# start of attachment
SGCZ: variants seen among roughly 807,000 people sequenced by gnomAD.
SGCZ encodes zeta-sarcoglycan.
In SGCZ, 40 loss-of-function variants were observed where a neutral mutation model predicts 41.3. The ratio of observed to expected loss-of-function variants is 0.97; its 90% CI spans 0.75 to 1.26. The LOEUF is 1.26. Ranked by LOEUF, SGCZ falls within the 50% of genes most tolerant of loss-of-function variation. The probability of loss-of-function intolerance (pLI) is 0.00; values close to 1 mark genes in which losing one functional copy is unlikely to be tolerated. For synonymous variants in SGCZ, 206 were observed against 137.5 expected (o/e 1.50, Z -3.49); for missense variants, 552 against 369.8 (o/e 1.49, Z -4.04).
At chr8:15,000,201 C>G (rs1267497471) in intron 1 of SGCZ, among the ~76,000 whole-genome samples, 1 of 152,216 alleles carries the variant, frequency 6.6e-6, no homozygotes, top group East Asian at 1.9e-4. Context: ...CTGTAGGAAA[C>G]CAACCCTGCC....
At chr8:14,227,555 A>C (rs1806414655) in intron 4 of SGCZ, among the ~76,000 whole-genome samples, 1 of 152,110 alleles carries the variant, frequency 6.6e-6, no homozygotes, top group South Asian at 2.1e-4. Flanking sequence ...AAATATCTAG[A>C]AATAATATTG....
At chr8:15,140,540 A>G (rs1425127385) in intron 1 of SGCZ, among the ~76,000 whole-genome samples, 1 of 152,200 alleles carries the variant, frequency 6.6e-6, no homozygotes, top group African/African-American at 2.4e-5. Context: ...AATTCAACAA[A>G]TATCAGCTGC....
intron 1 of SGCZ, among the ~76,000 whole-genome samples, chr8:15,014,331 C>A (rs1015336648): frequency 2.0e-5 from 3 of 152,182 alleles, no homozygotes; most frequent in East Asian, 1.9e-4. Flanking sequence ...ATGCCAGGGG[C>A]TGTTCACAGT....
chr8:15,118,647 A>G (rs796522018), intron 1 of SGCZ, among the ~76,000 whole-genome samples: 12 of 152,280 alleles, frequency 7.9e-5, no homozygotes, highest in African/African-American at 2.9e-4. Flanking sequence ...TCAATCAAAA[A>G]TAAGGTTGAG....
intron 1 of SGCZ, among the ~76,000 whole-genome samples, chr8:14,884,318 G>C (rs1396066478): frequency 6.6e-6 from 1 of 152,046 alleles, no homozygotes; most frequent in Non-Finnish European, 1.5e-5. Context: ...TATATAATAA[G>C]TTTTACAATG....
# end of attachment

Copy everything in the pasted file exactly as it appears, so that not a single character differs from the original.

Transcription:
SGCZ: variants seen among roughly 807,000 people sequenced by gnomAD.
SGCZ encodes zeta-sarcoglycan.
In SGCZ, 40 loss-of-function variants were observed where a neutral mutation model predicts 41.3. The ratio of observed to expected loss-of-function variants is 0.97; its 90% CI spans 0.75 to 1.26. The LOEUF is 1.26. Ranked by LOEUF, SGCZ falls within the 50% of genes most tolerant of loss-of-function variation. The probability of loss-of-function intolerance (pLI) is 0.00; values close to 1 mark genes in which losing one functional copy is unlikely to be tolerated. For synonymous variants in SGCZ, 206 were observed against 137.5 expected (o/e 1.50, Z -3.49); for missense variants, 552 against 369.8 (o/e 1.49, Z -4.04).
At chr8:15,000,201 C>G (rs1267497471) in intron 1 of SGCZ, among the ~76,000 whole-genome samples, 1 of 152,216 alleles carries the variant, frequency 6.6e-6, no homozygotes, top group East Asian at 1.9e-4. Context: ...CTGTAGGAAA[C>G]CAACCCTGCC....
At chr8:14,227,555 A>C (rs1806414655) in intron 4 of SGCZ, among the ~76,000 whole-genome samples, 1 of 152,110 alleles carries the variant, frequency 6.6e-6, no homozygotes, top group South Asian at 2.1e-4. Flanking sequence ...AAATATCTAG[A>C]AATAATATTG....
At chr8:15,140,540 A>G (rs1425127385) in intron 1 of SGCZ, among the ~76,000 whole-genome samples, 1 of 152,200 alleles carries the variant, frequency 6.6e-6, no homozygotes, top group African/African-American at 2.4e-5. Context: ...AATTCAACAA[A>G]TATCAGCTGC....
intron 1 of SGCZ, among the ~76,000 whole-genome samples, chr8:15,014,331 C>A (rs1015336648): frequency 2.0e-5 from 3 of 152,182 alleles, no homozygotes; most frequent in East Asian, 1.9e-4. Flanking sequence ...ATGCCAGGGG[C>A]TGTTCACAGT....
chr8:15,118,647 A>G (rs796522018), intron 1 of SGCZ, among the ~76,000 whole-genome samples: 12 of 152,280 alleles, frequency 7.9e-5, no homozygotes, highest in African/African-American at 2.9e-4. Flanking sequence ...TCAATCAAAA[A>G]TAAGGTTGAG....
intron 1 of SGCZ, among the ~76,000 whole-genome samples, chr8:14,884,318 G>C (rs1396066478): frequency 6.6e-6 from 1 of 152,046 alleles, no homozygotes; most frequent in Non-Finnish European, 1.5e-5. Context: ...TATATAATAA[G>C]TTTTACAATG....